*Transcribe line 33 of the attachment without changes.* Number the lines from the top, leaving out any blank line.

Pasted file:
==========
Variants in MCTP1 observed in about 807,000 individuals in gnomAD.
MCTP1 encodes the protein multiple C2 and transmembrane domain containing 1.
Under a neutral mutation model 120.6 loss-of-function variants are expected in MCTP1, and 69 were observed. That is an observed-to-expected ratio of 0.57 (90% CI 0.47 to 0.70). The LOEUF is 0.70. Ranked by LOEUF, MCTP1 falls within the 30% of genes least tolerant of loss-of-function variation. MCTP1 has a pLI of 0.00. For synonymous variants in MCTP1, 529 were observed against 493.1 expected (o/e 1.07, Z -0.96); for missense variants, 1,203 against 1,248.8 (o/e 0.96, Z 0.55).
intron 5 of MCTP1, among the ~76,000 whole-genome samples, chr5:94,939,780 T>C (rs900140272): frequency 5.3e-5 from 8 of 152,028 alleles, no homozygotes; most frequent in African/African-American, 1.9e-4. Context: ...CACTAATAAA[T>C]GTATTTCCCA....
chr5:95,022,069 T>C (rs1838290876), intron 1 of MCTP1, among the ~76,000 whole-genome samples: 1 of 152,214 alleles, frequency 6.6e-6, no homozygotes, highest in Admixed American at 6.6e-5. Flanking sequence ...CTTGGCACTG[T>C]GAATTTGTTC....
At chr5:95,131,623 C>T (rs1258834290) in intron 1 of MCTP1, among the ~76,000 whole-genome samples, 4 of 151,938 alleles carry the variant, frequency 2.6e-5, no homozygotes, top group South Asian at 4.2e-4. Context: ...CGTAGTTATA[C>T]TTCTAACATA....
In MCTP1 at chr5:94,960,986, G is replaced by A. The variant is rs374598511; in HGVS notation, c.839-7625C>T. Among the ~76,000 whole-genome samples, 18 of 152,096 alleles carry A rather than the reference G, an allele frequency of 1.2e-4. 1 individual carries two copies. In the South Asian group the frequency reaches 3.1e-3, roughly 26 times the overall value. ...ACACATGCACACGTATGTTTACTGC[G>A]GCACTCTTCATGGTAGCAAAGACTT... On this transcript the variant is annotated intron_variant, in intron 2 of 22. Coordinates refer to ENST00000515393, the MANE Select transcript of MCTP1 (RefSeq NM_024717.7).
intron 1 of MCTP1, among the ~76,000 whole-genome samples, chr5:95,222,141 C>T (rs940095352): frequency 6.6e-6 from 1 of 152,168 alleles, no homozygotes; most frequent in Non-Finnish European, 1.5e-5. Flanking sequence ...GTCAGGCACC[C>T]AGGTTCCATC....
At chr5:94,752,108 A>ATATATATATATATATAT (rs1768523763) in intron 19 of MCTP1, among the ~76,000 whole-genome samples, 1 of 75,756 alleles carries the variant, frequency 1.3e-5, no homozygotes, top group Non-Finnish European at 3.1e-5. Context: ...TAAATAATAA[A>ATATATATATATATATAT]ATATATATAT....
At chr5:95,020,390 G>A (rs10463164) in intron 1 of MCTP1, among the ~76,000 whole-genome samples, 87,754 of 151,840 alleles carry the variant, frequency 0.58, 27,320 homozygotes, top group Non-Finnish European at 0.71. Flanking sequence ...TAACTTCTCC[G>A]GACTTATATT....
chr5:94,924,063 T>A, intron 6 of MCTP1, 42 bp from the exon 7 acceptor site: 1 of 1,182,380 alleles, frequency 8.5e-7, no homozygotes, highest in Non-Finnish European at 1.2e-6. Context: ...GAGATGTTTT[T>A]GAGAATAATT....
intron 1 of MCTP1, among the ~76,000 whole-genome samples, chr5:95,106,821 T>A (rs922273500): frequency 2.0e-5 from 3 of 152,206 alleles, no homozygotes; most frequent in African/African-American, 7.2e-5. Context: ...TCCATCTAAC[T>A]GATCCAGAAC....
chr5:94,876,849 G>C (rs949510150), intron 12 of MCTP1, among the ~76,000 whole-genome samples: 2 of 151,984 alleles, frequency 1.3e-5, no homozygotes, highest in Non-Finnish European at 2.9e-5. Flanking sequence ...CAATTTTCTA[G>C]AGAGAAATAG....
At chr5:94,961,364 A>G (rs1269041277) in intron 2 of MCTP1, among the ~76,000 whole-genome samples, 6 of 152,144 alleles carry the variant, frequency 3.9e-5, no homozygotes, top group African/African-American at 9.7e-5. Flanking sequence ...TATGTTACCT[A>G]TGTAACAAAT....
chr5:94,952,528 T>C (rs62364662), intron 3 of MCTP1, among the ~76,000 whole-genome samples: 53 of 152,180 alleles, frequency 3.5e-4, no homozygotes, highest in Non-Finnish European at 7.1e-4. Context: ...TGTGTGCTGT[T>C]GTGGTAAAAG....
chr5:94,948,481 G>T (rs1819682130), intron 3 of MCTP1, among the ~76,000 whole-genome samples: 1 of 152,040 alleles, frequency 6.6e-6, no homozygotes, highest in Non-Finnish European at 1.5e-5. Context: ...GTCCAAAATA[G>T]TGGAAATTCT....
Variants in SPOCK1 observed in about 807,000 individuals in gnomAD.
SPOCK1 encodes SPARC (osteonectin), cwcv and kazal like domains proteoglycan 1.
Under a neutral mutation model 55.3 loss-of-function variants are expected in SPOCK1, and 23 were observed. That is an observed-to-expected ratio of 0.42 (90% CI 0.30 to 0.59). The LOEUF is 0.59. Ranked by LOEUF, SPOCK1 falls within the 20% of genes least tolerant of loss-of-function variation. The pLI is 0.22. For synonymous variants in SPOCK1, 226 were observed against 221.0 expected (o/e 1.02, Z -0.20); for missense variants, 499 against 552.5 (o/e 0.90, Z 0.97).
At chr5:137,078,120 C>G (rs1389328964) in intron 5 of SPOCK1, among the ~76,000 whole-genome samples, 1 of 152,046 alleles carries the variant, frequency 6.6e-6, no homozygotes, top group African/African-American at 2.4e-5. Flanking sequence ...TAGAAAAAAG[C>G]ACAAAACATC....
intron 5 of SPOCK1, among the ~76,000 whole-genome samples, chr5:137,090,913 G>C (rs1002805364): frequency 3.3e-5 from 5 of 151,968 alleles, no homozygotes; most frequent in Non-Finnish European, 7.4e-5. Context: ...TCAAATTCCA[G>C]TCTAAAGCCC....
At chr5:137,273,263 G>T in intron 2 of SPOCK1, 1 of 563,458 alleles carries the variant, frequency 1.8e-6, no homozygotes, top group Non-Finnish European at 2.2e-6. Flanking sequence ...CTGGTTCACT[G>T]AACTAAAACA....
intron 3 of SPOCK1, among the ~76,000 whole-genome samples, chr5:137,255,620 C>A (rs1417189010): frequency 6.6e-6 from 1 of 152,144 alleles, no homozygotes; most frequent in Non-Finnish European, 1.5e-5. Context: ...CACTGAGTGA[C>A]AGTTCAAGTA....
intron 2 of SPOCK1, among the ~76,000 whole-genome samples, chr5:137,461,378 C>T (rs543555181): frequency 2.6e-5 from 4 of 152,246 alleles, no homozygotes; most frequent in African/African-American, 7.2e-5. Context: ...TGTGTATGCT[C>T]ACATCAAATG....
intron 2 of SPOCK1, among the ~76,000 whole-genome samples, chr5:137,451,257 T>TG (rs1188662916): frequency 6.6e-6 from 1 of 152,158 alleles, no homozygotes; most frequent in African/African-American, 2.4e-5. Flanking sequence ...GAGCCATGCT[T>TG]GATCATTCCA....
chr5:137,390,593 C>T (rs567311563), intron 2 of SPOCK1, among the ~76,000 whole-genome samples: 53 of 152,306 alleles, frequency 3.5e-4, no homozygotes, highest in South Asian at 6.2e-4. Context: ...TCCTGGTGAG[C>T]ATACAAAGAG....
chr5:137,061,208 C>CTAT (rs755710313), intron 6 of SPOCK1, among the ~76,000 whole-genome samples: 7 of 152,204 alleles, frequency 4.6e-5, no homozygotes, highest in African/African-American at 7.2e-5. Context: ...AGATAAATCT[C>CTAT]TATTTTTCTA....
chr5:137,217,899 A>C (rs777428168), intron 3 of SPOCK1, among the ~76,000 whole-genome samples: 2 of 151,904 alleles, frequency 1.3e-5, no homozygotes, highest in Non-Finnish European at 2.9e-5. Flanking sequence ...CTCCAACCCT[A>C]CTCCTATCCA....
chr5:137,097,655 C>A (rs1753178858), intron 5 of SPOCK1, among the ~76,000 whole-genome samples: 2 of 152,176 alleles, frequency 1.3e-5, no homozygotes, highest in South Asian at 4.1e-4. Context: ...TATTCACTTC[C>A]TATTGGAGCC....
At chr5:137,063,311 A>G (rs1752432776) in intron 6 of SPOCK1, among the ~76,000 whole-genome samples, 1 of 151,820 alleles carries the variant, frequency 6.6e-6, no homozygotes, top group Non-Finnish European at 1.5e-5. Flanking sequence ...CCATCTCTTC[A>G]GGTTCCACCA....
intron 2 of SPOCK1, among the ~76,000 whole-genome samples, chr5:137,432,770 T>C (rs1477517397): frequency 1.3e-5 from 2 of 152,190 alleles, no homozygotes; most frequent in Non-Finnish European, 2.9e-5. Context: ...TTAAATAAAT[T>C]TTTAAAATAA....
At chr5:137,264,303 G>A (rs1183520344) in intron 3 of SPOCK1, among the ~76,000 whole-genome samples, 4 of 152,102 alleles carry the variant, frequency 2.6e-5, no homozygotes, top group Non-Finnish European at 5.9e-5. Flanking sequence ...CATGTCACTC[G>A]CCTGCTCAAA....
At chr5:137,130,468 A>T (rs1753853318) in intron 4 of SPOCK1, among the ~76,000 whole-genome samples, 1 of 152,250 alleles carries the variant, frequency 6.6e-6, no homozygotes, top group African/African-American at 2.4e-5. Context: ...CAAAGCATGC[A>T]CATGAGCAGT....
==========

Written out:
At chr5:137,130,468 A>T (rs1753853318) in intron 4 of SPOCK1, among the ~76,000 whole-genome samples, 1 of 152,250 alleles carries the variant, frequency 6.6e-6, no homozygotes, top group African/African-American at 2.4e-5. Context: ...CAAAGCATGC[A>T]CATGAGCAGT....